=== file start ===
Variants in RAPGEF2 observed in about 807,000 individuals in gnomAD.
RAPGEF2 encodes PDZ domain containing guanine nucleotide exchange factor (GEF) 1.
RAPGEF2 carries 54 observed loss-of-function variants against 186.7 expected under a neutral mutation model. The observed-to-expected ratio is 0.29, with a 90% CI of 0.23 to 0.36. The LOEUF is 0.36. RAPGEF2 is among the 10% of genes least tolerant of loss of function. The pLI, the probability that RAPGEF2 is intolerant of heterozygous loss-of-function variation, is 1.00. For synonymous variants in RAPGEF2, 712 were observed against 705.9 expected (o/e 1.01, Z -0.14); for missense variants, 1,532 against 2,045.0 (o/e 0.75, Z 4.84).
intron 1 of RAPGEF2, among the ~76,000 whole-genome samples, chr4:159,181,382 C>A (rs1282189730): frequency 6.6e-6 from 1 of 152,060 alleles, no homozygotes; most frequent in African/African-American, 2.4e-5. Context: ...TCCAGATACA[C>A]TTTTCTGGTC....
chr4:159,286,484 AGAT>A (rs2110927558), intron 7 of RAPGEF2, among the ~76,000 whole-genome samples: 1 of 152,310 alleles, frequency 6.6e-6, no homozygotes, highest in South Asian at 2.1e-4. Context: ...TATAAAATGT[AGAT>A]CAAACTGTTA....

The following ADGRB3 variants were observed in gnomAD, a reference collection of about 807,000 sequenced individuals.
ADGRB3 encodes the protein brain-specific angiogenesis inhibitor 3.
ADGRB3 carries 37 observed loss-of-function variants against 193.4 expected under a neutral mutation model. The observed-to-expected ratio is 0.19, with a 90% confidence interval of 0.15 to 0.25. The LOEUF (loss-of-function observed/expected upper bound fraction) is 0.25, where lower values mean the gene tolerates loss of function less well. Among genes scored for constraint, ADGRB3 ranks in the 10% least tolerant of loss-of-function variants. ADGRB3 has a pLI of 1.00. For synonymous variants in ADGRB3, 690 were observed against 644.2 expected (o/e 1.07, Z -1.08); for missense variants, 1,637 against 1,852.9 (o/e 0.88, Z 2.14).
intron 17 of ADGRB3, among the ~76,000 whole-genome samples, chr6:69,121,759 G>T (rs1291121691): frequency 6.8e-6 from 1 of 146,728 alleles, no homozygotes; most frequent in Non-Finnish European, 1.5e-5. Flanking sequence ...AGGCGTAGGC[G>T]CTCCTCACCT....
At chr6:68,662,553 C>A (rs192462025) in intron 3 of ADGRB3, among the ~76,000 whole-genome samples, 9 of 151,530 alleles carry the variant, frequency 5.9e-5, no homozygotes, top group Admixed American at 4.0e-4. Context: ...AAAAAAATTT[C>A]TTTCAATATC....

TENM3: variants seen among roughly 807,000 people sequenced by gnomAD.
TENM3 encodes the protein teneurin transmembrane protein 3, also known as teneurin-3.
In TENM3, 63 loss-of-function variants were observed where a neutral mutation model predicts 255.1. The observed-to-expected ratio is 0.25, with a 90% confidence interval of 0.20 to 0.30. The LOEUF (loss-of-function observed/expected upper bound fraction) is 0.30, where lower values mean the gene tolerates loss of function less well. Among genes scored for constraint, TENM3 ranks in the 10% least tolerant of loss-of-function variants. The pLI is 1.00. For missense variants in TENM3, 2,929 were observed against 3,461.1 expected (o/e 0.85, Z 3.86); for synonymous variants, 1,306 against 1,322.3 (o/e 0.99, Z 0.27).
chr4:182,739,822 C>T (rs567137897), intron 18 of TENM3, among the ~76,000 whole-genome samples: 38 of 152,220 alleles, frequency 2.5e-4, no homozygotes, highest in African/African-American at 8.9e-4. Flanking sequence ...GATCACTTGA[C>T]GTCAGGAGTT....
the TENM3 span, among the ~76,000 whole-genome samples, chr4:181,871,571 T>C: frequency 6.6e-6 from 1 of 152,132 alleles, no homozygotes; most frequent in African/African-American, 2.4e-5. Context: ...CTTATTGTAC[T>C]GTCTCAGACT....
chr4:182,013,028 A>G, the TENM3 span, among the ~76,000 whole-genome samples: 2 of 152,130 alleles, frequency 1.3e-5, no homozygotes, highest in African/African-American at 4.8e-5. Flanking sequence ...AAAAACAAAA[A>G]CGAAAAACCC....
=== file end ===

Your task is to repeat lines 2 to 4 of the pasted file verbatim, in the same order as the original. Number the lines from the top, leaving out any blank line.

RAPGEF2 encodes PDZ domain containing guanine nucleotide exchange factor (GEF) 1.
RAPGEF2 carries 54 observed loss-of-function variants against 186.7 expected under a neutral mutation model. The observed-to-expected ratio is 0.29, with a 90% CI of 0.23 to 0.36. The LOEUF is 0.36. RAPGEF2 is among the 10% of genes least tolerant of loss of function. The pLI, the probability that RAPGEF2 is intolerant of heterozygous loss-of-function variation, is 1.00. For synonymous variants in RAPGEF2, 712 were observed against 705.9 expected (o/e 1.01, Z -0.14); for missense variants, 1,532 against 2,045.0 (o/e 0.75, Z 4.84).
intron 1 of RAPGEF2, among the ~76,000 whole-genome samples, chr4:159,181,382 C>A (rs1282189730): frequency 6.6e-6 from 1 of 152,060 alleles, no homozygotes; most frequent in African/African-American, 2.4e-5. Context: ...TCCAGATACA[C>A]TTTTCTGGTC....